Author Topic: HM Submarine Tigris (1939 - 1943)  (Read 223 times)

Offline stuartwaters

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HM Submarine Tigris (1939 - 1943)
« Reply #1 on: March 07, 2021, 08:05:08 PM »
HMS Tigris was a T class submarine built at Chatham which served during the Second World War. In common with her many sister-boats of that class, she was powerfully armed, carrying 11 21" torpedo tubes 8 in the bow, 2 forward-facing amidships and one in the stern. She also carried a 4" gun in the forward part of the conning tower and a 20mm Oerlikon cannon in the after part, with machine guns on the bridge.


HMS Tigris was laid down on No7 slip on 11th May 1938. She was launched into the Medway by Mrs Lady Brown Rigg on 31st October 1939 and was commissioned at Chatham on 20th June 1940, with Lt Cdr Howard Francis Bone in command. Following trials and workup, she joined 7th Submarine Flotilla operating out of Rothesay.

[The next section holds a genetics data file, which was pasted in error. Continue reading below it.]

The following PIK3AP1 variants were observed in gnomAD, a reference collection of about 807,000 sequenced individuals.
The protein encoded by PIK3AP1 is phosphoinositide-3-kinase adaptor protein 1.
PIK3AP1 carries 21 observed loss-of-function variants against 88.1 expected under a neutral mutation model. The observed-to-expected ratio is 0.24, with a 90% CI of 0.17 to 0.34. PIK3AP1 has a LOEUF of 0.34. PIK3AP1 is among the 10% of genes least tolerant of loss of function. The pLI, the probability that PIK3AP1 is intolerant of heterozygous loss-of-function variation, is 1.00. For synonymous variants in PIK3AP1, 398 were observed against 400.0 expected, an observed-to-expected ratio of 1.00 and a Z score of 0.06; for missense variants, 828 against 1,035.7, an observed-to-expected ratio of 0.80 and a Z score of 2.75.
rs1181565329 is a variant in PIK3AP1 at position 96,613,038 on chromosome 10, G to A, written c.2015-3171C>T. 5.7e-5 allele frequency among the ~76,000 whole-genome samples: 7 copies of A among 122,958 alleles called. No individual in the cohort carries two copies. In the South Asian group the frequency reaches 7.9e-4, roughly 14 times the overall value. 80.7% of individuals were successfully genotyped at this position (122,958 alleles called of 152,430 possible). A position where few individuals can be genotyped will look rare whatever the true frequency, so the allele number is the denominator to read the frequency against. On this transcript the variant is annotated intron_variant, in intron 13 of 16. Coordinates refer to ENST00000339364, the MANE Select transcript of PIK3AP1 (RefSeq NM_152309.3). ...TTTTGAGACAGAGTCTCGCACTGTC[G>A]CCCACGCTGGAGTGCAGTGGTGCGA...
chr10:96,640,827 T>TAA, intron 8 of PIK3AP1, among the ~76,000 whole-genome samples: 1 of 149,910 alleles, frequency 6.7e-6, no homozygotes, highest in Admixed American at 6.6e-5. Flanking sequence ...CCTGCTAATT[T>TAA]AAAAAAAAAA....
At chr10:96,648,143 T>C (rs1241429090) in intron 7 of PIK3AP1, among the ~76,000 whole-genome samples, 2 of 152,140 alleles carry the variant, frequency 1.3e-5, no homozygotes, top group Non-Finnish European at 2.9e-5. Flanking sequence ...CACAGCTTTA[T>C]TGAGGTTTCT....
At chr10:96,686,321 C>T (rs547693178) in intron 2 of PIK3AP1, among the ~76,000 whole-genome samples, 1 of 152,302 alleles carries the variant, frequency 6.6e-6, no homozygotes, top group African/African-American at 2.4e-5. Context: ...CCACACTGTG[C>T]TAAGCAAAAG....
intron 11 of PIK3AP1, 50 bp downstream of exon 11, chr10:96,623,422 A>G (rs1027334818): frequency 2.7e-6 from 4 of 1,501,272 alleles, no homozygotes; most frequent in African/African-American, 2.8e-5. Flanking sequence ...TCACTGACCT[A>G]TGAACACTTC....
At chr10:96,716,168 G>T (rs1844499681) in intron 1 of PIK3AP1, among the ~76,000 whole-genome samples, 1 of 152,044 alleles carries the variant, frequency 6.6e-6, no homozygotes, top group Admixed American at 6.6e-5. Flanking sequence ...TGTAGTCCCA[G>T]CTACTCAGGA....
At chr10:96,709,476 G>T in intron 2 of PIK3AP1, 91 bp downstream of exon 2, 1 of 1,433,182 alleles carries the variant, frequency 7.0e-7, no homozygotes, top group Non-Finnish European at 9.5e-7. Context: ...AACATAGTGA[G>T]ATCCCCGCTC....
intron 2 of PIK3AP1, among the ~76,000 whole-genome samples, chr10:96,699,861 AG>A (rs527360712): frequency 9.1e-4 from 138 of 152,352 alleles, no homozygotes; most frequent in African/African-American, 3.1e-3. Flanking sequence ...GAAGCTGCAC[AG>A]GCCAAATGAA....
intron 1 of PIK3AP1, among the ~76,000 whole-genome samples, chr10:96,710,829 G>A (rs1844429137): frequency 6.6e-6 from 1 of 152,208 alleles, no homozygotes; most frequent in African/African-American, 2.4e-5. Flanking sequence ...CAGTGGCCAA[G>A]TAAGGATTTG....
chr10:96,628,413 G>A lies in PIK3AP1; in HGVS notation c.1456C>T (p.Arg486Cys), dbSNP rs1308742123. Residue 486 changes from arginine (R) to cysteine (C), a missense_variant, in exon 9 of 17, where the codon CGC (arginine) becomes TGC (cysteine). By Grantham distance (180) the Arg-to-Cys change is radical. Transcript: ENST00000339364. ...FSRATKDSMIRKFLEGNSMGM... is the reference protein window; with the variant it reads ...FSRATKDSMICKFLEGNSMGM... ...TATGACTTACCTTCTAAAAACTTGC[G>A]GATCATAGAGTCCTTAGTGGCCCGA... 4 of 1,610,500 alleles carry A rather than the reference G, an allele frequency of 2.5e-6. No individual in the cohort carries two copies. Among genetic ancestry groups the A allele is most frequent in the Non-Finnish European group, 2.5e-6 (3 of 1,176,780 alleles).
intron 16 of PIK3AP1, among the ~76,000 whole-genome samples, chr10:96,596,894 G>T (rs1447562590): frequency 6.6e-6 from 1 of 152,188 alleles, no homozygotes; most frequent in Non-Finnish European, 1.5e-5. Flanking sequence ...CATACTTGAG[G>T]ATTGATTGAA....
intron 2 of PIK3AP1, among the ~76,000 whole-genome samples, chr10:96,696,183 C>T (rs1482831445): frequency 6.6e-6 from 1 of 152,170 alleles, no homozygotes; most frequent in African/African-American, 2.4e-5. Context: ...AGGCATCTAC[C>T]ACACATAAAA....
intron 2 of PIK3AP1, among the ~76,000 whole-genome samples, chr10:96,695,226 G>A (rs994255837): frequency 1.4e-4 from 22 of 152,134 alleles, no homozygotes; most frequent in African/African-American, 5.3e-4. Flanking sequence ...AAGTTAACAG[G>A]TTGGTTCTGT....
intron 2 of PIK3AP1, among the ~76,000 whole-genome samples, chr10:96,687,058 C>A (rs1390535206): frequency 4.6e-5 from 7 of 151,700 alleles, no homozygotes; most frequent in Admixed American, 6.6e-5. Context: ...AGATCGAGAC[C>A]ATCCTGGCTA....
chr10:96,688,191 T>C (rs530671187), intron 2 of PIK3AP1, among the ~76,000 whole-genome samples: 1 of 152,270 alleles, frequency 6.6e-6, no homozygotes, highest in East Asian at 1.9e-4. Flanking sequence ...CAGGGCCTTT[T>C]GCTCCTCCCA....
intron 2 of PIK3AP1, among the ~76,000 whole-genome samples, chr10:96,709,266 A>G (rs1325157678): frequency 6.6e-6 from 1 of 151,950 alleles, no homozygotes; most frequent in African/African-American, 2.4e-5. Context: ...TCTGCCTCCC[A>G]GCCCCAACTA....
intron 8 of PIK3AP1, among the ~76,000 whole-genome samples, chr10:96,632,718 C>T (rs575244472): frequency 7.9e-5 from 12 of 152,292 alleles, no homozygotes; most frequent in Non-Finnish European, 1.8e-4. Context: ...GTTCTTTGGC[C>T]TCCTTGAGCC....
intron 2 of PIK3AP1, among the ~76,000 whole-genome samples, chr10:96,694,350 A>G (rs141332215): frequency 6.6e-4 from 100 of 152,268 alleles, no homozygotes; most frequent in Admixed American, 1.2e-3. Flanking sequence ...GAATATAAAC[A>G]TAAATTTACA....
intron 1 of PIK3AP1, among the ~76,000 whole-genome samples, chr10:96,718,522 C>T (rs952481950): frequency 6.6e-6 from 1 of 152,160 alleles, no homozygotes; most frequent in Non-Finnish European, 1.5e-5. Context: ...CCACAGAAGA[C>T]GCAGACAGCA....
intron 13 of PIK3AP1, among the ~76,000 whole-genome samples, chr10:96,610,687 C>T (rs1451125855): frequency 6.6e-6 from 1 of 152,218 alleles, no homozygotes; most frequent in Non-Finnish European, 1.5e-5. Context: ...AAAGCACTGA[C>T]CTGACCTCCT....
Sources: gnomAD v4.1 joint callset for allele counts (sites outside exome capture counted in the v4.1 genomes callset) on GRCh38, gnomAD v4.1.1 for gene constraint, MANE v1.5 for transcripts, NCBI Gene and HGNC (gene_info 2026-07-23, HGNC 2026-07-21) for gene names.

HMS Tigris:





HMS Tigris Crest:





She spent the early part of her career patrolling in the English Channel and the Bay of Biscay, where on 16th October 1940, she claimed her first victim, sinking the French coaster (in German service) Cimcour with gunfire.


She transferred to Holy Loch after her 3rd war patrol ended on 19th October 1940. She departed from there for her 4th war patrol on 6th November 1940, but developed a problem with her starboard engine the following day and had to put into Milford Haven for repairs, which were completed the day after that. On 13th November 1940, she claimed her second victim, the French sailing vessel Charles Edmond. This turned out to be a bit of a performance. She fired a torpedo from 800 yards, but this ran under the target. Surfacing to engage with gunfire, the weather was too poor and the sea too rough for accurate gunnery from a submarine, even at close range. Very few hits were obtained, but despite this, the French crew abandoned ship. Tigris's commander decided to fire a 2nd torpedo at the by now stopped ship. The torpedo exploded at the correct time, but nothing else appeared to happen. Lt Cdr Bone assumed the torpedo had struck the sea bed and exploded, so decided to depart the scene. According to later French sources, the 2nd torpedo did hit the target, which promptly sank. This war patrol passed without further incident and ended on 29th November 1940 at Holy Loch. During this patrol, Lt Cdr Bone was awarded the DSO.